The dealer was unable to replicate the issue, and told her to call Subaru customer advocacy, “who also blew me off and said they cannot replicate (the) issue.” They also claimed that nobody else had reported the issue so they couldn’t (or wouldn’t) take any action.

This consumer wasn’t placated. She did some of her own research and came up with references on Subaru forums of the same problem with other Subaru models. It seems this isn’t a new issue for Subaru, even if it hasn’t been widely reported for Crosstrek vehicles.

What Forum Member Say About Seat Heater Problems

A member of the Subaru XV Forum tells how the seat of his 2016 Crosstrek became “unusually warm, especially on the small of my back. I didn’t think much about it, and ignored it. I was wearing a thin jacket and decided I must be trapping heat, even though I turned down the cabin heat. Well, today I had a 90-minute drive and it got way too hot. I checked to make sure the seat heater was off, flicked the switch on and off, but it looked normal. I felt areas of the seat where my body was not touching and it was warm. It feels like it is stuck on high – it is really uncomfortable.”

Nobody in the group had an explanation.

In December 2019, the owner of a 2020 Forester Sport said in the Subaru Forester forum that “I’m feeling the driver seat heater is staying on even while in off position. It’s very low heat, I would say even lower than the normal ‘low’ heat setting. It’s not noticeable at first but after 15 min, it starts to get uncomfortable. After about 30 minutes it starts to burn.”

While no-one else reported having the same problem, there was agreement that it wasn’t normal.

The owner of a 2015 Forester reported the same issue in August 2021. “The heated seats on the driver side seem to turn on themselves. It’s been happening over the last year or so. The dealership can’t replicate it ‘and probably don’t believe us,’ but both myself and my wife have experienced it. Turning the car on or off doesn’t seem to change it and turning the heated switch into low/high or off doesn’t work either. We are on the border of just trading the car in and getting a new model.”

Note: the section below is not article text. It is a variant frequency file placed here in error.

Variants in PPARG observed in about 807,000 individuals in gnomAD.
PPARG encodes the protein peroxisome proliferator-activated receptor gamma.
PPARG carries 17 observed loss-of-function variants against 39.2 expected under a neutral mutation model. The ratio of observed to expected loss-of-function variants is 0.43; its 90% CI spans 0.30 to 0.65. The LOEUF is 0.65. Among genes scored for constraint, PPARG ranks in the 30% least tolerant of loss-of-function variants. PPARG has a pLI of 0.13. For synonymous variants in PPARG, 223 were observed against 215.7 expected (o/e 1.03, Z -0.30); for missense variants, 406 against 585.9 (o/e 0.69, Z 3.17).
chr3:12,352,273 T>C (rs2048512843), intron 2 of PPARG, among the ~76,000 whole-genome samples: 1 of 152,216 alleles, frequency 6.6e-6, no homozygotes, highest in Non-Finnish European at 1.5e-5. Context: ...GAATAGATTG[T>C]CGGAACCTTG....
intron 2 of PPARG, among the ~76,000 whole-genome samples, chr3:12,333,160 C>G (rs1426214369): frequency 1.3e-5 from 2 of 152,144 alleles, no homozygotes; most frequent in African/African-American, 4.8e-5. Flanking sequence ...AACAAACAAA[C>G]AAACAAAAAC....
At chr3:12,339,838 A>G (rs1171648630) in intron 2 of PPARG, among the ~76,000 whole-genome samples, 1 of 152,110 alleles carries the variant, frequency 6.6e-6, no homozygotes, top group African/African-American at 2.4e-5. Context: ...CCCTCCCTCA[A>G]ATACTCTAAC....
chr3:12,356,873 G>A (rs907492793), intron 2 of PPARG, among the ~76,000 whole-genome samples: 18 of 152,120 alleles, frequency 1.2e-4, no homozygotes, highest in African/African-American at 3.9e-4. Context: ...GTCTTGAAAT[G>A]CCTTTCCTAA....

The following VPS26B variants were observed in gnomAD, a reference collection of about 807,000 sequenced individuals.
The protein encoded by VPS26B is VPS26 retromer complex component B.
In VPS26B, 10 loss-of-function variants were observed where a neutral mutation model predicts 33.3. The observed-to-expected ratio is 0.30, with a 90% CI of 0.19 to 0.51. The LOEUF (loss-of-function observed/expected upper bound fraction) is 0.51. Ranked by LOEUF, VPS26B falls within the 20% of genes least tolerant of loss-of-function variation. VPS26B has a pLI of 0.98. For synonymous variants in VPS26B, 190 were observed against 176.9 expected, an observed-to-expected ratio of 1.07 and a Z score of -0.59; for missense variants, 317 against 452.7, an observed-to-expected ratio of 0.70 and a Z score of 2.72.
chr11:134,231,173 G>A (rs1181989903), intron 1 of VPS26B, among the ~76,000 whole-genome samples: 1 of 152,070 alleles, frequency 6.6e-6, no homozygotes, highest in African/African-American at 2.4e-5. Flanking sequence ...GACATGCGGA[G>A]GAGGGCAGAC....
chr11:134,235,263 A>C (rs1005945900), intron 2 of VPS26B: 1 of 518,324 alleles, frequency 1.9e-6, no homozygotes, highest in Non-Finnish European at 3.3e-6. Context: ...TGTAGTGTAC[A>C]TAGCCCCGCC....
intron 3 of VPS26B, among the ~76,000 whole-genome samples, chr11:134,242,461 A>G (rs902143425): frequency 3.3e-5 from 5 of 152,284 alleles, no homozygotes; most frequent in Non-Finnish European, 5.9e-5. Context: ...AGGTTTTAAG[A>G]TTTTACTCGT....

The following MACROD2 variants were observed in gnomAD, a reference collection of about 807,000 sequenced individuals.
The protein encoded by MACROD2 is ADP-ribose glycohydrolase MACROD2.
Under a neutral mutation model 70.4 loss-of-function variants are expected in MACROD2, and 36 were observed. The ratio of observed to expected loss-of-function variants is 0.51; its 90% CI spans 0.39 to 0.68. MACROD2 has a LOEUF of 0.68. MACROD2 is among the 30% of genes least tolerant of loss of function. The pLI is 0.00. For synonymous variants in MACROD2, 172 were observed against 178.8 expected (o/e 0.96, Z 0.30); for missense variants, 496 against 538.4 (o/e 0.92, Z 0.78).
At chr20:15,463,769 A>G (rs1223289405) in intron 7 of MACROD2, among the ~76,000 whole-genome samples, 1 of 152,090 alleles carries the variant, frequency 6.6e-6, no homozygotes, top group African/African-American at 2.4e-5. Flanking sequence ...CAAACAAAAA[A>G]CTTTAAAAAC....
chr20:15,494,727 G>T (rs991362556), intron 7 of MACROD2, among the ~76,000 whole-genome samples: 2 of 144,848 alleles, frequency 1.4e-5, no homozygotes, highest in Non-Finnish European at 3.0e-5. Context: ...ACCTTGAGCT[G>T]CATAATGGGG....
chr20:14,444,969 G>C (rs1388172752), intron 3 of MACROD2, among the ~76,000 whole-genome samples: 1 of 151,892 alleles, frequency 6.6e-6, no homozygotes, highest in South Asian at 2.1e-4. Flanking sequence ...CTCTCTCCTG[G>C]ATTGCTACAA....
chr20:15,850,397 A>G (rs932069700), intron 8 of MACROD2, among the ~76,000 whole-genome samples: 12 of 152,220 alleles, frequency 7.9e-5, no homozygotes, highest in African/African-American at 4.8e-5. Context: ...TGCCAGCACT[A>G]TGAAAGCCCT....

Door Lock Issues

An owner from Pennsylvania has complained to the NHTSA that he is unable to lock the Crosstrek’s passenger door manually or with the fob. He noticed the problem when he heard a clicking sound in the passenger door when the automatic locks engaged.

“Subaru dealer’s service dept. verified (the) problem and ordered (the) part that they said may take months to receive. In the meantime, (the) vehicle will need to be left parked and operated with (the) passenger door unlocked.”

What if your 2023 Crosstrek is a lemon?

Every year, vehicle manufacturers buy back, replace, or pay cash settlements to thousands of lemon owners. So, if you think you might have a lemon, you are welcome to contact Lemberg Law for a free assessment of your issue.

We have dealt with thousands of lemon law vehicle cases and have negotiated settlements with manufacturers for many clients. All you have to do is call us or complete the contact form so that we can see what we can do to help you. At the end of the day, the law says that Subaru has to pay the bill for lemon law cases.

Sergei Lemberg

About the Author:

Sergei Lemberg is an attorney focusing on consumer law, class actions related to automotive issues, and personal injury litigation. With nearly two decades of experience, his areas of practice include Lemon Law (vehicle defects), Debt Collection Harassment, TCPA (illegal robocalls and texts), Fair Credit Reporting Act, Overtime claims, Personal Injury cases, and Class Actions. He has consistently been recognized as the nation's "most active consumer attorney." In 2020, Mr. Lemberg represented Noah Duguid before the United States Supreme Court in the landmark case Duguid v. Facebook. He is also the author of "Defanging Debt Collectors," a guide that empowers consumers to fight back against debt collectors and prevail, as well as "Lemon Law 101: The Laws That Lemon Dealers Don't Want You to Know."

See more posts from Sergei Lemberg